As I mentioned in my previous post, I spent some time this weekend migrating this site to a LEMP stack running on a Digital Ocean VPS (referral link).
One of the optimisations for WordPress that I researched involved combining Nginx’s FastCGI caching with ngx_cache_purge, a neat module that allows for targeted cache purging. Among other things, this means the cache of WordPress’ homepage gets refreshed whenever I post new content.
rtCamp have published a great starting tutorial on this, fastcgi_cache with conditional purging, but its initial steps are dependent on installation with apt-get, which is not available on my VPS. If you’re in the same boat as me, before you get to the configuration steps, you’ll have to build and compile Nginx from scratch!
I assume you’re somewhat familiar with the command line. Step-by-step instructions are below, but to summarise, I downloaded the source into /tmp, compiled and installed the new binary, configured Nginx, and restarted the service.
This will be easier if you can
sudo works fine.
Step 1: prepare your tools
Since we will be compiling from source we need some developer tools. These are easily installed with:
sudo yum groupinstall "Development Tools"
One that’s in place, fetch some required libraries (Nginx won’t compile without these):
sudo yum install pcre-devel zlib-devel openssl-devel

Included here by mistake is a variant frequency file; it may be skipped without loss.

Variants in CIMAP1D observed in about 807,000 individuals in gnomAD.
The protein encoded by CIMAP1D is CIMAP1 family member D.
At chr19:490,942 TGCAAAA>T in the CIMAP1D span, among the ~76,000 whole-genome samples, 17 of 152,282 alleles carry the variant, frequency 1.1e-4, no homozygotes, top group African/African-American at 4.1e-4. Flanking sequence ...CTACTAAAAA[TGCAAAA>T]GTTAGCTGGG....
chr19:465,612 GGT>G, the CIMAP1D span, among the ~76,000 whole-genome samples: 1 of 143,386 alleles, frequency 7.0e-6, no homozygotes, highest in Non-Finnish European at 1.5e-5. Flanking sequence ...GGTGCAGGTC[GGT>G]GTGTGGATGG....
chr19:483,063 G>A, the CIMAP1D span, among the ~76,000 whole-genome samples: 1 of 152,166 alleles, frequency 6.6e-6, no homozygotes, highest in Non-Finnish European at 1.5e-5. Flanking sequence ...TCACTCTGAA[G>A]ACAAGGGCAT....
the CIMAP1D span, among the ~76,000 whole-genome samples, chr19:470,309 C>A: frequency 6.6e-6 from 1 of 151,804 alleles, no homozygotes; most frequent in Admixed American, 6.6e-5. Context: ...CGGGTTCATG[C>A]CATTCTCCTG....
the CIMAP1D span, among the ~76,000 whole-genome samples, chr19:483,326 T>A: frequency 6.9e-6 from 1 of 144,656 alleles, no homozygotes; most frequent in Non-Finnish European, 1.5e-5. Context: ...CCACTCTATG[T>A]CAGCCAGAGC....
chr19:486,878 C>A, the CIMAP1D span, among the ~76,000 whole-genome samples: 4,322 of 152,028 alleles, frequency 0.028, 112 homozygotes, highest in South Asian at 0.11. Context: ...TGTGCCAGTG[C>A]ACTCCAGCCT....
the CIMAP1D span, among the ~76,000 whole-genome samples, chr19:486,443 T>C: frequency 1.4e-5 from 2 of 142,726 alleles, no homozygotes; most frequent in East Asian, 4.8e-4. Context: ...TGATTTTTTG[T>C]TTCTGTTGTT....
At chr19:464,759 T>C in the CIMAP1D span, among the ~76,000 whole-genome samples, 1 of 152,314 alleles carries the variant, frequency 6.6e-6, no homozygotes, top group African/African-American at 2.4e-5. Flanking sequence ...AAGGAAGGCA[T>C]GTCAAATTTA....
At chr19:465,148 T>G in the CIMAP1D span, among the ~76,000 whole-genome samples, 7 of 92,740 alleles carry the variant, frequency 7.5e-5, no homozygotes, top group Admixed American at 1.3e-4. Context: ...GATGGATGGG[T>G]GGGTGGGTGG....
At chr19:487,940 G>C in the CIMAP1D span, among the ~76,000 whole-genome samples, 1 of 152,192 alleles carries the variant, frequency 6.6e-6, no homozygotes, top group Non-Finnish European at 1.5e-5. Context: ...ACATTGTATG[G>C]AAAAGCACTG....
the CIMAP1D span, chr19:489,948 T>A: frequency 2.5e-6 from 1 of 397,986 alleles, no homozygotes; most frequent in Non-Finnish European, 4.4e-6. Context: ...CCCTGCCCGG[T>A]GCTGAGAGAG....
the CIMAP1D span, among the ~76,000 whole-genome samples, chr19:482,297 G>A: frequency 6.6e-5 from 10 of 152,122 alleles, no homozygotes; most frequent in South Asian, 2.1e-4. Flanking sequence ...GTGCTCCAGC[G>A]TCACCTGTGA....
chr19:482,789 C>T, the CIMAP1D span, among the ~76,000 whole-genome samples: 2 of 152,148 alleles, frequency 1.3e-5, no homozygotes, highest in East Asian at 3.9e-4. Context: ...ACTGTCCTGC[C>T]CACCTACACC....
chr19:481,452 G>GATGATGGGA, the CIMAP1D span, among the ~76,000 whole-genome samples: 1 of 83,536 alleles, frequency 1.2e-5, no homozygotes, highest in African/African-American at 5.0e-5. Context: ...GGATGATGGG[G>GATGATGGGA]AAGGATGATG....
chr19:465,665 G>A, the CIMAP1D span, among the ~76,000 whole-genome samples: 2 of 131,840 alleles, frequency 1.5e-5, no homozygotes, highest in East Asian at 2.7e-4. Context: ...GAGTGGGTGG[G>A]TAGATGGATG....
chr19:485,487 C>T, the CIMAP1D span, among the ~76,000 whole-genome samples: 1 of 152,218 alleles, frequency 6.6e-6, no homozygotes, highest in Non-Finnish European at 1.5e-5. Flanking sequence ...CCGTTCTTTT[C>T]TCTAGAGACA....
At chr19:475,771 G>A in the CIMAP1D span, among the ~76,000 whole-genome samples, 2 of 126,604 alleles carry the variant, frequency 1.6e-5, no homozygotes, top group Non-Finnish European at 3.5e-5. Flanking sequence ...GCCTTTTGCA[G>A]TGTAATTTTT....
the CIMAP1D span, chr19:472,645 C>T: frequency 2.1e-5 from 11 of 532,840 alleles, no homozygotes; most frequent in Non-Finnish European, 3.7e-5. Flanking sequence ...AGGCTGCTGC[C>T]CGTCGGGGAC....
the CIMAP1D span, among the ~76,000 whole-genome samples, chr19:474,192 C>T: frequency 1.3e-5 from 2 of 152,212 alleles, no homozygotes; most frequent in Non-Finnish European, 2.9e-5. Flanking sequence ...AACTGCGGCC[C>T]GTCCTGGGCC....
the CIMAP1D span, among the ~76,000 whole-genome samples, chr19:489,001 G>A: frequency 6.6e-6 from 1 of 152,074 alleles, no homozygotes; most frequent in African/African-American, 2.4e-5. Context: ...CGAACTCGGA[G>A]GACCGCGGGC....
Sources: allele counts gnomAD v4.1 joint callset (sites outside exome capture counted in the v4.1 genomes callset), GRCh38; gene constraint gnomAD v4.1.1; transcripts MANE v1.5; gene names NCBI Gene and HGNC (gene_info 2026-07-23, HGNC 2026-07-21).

See? It’s already easy!
Step 2: get your source
Get SSH’d into your server, then switch to the
We need the Nginx and ngx_cache_purge source code, so let’s download those now:
(Stay current, make sure you get the latest download link)
And next the ngx_cache_purge module:
Step 3: Inflate and compile
The files we downloaded are tarred, gzipped archives that we need to unpack before we do anything else.
sudo tar -xzf nginx-1.5.5.tar.gz sudo tar -xzf ngx_cache_purge-2.1.tar.gz
Now, switch into the Nginx source directory:
Compiling and installing software from source involves three steps:
configure, in which the source code is prepared with the various modules and options we want enabled;
make, in which the binary is prepared; and
make install, in which the software is installed to a previously configured destination.
So, first configure (we’re sticking with conventions, and adding our ngx_cache_purge module at the end. Be sure to update the path if you get a newer version):
sudo ./configure --sbin-path=/usr/sbin --conf-path=/etc/nginx/nginx.conf --error-log-path=/var/log/nginx/error.log --pid-path=/var/run/nginx.pid --lock-path=/var/lock/nginx.lock --http-log-path=/var/log/nginx/access.log --http-client-body-temp-path=/var/lib/nginx/body --http-proxy-temp-path=/var/lib/nginx/proxy --http-fastcgi-temp-path=/var/lib/nginx/fastcgi --with-debug --with-http_stub_status_module --with-http_flv_module --with-http_ssl_module --with-http_dav_module --with-ipv6 --add-module=/tmp/ngx_cache_purge-2.1
After many screens full of text, you’ll find yourself back at a command prompt. When we run
make install, the script will replace your existing Nginx binary, so we need to stop the server now.
sudo service nginx stop
And now make & install:
sudo make && make install
You’ll see even more code and text scroll by. Wait until you’re back at the command prompt – your new version of Nginx should be installed now. You can check by running the following:
You should see
ngx_cache_purge-2.1 listed at the end.
Now you can go back to the rtCamp post and continue from “Install Nginx Helper Plugin”. If you’re running WPtouch, don’t miss my previous post, Caching WordPress + WPtouch Pro on Nginx!